Expanding on the du Pont family’s love of gardening, Henry (who studied horticulture at Harvard) transformed the grounds to include extensive flower gardens, greenhouses, and natural areas. Today, it is 60-acres of jaw-dropping beauty where everything is planted with a purpose, yet it looks like it has been there forever. Start your visit with the tram tour (part of the admission price) that takes you through the gardens and provides interesting stories about the property. You can walk this, but you will miss the commentary. The azaleas were brought here by plant hunters. The March Banks has millions of bulbs that bloom from late winter into spring. The magnolias were planted in the 1870s. The Pinetum is all conifers that offer a cool spot in summer. The dawn redwood tree just past the Pinetum was planted in 1951 and thought to be extinct at the time (but plant hunters found more in Asia.) The stories go on and on, as does the beauty of the gardens.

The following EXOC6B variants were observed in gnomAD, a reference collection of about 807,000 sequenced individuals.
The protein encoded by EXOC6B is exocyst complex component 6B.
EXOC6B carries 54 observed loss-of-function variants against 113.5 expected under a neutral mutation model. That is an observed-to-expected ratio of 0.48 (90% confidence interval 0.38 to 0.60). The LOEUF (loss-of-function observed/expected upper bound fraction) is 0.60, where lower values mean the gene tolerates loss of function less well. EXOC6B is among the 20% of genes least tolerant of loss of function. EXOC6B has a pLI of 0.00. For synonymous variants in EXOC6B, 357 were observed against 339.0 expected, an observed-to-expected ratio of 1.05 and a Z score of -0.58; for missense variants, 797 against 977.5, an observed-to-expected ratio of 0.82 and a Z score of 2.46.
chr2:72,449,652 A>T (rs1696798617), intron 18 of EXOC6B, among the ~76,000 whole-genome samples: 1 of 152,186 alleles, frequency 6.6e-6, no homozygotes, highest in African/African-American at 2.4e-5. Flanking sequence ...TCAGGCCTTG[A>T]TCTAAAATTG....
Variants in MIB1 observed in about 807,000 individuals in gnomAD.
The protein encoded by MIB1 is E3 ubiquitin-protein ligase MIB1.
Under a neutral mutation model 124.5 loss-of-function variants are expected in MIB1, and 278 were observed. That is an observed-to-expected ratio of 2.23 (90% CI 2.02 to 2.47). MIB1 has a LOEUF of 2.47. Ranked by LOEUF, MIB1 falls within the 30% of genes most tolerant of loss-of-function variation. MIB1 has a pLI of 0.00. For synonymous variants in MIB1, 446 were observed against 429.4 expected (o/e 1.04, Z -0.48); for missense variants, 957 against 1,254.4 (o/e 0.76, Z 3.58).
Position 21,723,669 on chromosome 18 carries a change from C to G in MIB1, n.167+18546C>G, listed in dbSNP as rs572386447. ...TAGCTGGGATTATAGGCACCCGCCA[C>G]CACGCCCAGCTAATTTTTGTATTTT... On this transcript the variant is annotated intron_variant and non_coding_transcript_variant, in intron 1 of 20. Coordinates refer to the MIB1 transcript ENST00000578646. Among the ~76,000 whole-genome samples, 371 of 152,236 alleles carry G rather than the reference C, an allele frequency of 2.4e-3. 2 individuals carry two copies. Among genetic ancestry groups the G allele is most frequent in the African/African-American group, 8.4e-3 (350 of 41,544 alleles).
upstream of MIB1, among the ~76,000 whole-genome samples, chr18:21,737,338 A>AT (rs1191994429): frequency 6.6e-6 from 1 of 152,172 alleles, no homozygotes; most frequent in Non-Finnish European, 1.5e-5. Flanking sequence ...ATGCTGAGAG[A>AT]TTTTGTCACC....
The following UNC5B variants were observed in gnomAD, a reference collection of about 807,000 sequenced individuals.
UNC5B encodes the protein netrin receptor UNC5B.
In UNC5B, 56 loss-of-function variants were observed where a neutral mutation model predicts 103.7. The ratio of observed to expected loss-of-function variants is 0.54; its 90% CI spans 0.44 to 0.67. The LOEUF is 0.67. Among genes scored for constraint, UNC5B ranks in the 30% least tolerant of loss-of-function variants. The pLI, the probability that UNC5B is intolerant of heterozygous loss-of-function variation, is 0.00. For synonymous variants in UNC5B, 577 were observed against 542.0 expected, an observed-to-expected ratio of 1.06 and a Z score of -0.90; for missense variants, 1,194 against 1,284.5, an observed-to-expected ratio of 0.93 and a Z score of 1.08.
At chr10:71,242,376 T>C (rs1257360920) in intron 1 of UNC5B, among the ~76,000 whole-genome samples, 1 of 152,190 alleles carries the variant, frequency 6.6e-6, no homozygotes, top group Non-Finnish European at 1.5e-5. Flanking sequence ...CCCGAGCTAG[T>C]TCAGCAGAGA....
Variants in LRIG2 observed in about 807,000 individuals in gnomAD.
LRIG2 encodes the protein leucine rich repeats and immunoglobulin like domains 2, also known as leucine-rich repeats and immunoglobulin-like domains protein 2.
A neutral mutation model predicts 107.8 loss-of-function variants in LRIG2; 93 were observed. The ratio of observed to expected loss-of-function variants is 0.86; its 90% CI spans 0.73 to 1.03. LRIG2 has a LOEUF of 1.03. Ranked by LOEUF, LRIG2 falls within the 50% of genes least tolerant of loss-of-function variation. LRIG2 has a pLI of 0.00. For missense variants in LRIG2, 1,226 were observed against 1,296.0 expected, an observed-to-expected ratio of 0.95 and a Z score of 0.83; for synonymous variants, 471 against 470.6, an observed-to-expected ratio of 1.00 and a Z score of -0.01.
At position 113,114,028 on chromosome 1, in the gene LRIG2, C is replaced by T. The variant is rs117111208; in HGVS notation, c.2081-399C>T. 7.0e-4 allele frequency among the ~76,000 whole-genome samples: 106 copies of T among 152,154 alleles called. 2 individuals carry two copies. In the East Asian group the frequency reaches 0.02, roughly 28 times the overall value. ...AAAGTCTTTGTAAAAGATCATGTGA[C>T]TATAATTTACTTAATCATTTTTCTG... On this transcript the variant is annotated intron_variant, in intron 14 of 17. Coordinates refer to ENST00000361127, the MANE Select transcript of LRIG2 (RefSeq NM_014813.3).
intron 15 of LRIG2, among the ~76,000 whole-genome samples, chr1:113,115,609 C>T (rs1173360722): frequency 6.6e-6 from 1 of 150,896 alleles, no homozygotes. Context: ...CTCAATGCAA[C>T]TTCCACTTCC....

Don’t miss the reflecting pool and gardens at the bottom of the hillside below the house’s main level. These are not on the house tour or on the garden tram tour. To access these, go through the building housing the Campbell Collection of Soup Tureens and then outside where you need to walk down a massive stone structure of steps and balustrades to the reflecting pool. Plant displays fill the hillside and colorful planters line the pool.

Winterthur has several dining opportunities and a museum store (where you can buy honey from the estate’s apiaries), a bookstore, the Campbell Collection of Soup Tureens, and offers many special events throughout the year. You should plan to spend the day here as there is so much to see and enjoy indoors and outside in the gardens.

Longwood Gardens